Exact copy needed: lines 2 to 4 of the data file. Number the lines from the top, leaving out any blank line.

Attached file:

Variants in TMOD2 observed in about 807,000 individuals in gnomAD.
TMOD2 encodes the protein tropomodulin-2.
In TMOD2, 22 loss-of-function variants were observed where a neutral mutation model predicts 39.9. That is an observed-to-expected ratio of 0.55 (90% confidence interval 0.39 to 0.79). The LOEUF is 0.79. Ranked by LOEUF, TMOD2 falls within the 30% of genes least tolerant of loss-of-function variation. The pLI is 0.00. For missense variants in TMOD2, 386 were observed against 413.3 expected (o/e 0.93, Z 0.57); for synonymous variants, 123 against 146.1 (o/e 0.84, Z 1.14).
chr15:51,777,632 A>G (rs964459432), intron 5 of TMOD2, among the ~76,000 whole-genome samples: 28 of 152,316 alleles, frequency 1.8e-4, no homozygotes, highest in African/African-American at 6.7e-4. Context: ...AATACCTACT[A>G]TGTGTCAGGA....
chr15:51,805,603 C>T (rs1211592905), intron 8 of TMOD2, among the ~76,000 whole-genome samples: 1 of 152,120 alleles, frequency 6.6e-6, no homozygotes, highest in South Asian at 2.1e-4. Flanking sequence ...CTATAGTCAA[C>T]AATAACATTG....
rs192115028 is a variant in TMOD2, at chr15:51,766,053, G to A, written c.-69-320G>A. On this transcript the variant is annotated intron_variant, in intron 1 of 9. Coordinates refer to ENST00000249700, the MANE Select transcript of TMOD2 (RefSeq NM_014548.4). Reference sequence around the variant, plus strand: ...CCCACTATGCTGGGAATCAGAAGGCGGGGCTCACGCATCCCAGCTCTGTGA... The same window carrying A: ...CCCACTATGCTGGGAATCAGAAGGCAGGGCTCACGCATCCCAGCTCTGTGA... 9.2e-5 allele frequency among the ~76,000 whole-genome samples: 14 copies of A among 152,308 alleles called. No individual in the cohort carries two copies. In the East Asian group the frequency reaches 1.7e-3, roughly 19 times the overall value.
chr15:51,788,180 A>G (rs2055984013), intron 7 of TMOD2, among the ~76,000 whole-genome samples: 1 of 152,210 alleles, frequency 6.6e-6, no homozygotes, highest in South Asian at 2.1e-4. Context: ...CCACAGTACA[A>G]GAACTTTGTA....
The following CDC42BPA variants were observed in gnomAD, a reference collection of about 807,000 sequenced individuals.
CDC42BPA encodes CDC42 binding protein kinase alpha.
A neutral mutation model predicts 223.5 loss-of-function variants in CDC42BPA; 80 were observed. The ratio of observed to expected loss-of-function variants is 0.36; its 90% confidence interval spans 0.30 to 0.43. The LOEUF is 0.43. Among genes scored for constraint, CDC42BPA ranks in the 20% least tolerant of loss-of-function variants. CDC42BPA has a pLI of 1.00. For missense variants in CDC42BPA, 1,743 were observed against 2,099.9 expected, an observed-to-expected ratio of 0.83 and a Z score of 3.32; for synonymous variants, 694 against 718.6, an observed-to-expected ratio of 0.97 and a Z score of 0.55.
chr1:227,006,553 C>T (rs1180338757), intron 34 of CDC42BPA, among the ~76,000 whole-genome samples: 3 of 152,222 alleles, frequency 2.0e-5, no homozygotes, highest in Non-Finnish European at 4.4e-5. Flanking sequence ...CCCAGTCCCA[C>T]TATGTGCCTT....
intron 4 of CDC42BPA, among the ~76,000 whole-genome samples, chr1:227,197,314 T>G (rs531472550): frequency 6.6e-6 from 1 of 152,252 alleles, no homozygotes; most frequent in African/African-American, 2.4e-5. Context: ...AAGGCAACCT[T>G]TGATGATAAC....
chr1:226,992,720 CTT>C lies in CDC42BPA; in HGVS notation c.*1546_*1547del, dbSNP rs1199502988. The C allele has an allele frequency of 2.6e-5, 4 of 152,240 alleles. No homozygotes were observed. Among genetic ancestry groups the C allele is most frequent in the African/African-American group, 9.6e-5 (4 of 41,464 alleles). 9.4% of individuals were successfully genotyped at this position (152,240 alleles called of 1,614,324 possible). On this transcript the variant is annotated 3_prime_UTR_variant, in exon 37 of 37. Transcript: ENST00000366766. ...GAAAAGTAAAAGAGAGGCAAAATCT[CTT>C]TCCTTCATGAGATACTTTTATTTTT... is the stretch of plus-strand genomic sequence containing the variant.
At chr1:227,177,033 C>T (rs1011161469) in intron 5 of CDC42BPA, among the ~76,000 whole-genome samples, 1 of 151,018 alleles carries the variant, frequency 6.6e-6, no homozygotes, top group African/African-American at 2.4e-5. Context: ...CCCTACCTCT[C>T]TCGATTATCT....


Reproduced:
TMOD2 encodes the protein tropomodulin-2.
In TMOD2, 22 loss-of-function variants were observed where a neutral mutation model predicts 39.9. That is an observed-to-expected ratio of 0.55 (90% confidence interval 0.39 to 0.79). The LOEUF is 0.79. Ranked by LOEUF, TMOD2 falls within the 30% of genes least tolerant of loss-of-function variation. The pLI is 0.00. For missense variants in TMOD2, 386 were observed against 413.3 expected (o/e 0.93, Z 0.57); for synonymous variants, 123 against 146.1 (o/e 0.84, Z 1.14).
chr15:51,777,632 A>G (rs964459432), intron 5 of TMOD2, among the ~76,000 whole-genome samples: 28 of 152,316 alleles, frequency 1.8e-4, no homozygotes, highest in African/African-American at 6.7e-4. Context: ...AATACCTACT[A>G]TGTGTCAGGA....